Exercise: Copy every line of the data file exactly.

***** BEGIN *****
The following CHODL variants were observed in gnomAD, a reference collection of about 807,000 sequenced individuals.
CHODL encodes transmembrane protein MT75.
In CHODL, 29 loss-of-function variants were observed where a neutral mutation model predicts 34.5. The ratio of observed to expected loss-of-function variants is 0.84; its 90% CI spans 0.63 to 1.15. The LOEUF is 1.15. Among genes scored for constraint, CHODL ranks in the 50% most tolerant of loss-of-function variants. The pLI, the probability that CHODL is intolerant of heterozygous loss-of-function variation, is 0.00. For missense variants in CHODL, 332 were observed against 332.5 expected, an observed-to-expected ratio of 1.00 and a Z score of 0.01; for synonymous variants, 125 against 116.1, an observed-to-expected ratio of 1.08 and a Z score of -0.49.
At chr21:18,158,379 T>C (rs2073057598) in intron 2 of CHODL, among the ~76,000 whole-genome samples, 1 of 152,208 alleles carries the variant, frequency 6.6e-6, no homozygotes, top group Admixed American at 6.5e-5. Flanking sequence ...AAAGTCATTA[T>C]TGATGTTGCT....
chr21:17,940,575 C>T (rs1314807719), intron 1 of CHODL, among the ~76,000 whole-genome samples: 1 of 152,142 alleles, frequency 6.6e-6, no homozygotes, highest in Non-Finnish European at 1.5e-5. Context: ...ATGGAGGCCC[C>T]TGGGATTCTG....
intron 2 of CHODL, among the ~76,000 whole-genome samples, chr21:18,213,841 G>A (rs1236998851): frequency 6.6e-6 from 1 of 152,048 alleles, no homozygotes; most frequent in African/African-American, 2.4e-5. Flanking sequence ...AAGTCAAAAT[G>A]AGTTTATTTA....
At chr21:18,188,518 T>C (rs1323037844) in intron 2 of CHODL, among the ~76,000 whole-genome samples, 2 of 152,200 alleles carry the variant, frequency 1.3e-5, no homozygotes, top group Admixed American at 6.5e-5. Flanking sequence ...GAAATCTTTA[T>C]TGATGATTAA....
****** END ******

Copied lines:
The following CHODL variants were observed in gnomAD, a reference collection of about 807,000 sequenced individuals.
CHODL encodes transmembrane protein MT75.
In CHODL, 29 loss-of-function variants were observed where a neutral mutation model predicts 34.5. The ratio of observed to expected loss-of-function variants is 0.84; its 90% CI spans 0.63 to 1.15. The LOEUF is 1.15. Among genes scored for constraint, CHODL ranks in the 50% most tolerant of loss-of-function variants. The pLI, the probability that CHODL is intolerant of heterozygous loss-of-function variation, is 0.00. For missense variants in CHODL, 332 were observed against 332.5 expected, an observed-to-expected ratio of 1.00 and a Z score of 0.01; for synonymous variants, 125 against 116.1, an observed-to-expected ratio of 1.08 and a Z score of -0.49.
At chr21:18,158,379 T>C (rs2073057598) in intron 2 of CHODL, among the ~76,000 whole-genome samples, 1 of 152,208 alleles carries the variant, frequency 6.6e-6, no homozygotes, top group Admixed American at 6.5e-5. Flanking sequence ...AAAGTCATTA[T>C]TGATGTTGCT....
chr21:17,940,575 C>T (rs1314807719), intron 1 of CHODL, among the ~76,000 whole-genome samples: 1 of 152,142 alleles, frequency 6.6e-6, no homozygotes, highest in Non-Finnish European at 1.5e-5. Context: ...ATGGAGGCCC[C>T]TGGGATTCTG....
intron 2 of CHODL, among the ~76,000 whole-genome samples, chr21:18,213,841 G>A (rs1236998851): frequency 6.6e-6 from 1 of 152,048 alleles, no homozygotes; most frequent in African/African-American, 2.4e-5. Flanking sequence ...AAGTCAAAAT[G>A]AGTTTATTTA....
At chr21:18,188,518 T>C (rs1323037844) in intron 2 of CHODL, among the ~76,000 whole-genome samples, 2 of 152,200 alleles carry the variant, frequency 1.3e-5, no homozygotes, top group Admixed American at 6.5e-5. Flanking sequence ...GAAATCTTTA[T>C]TGATGATTAA....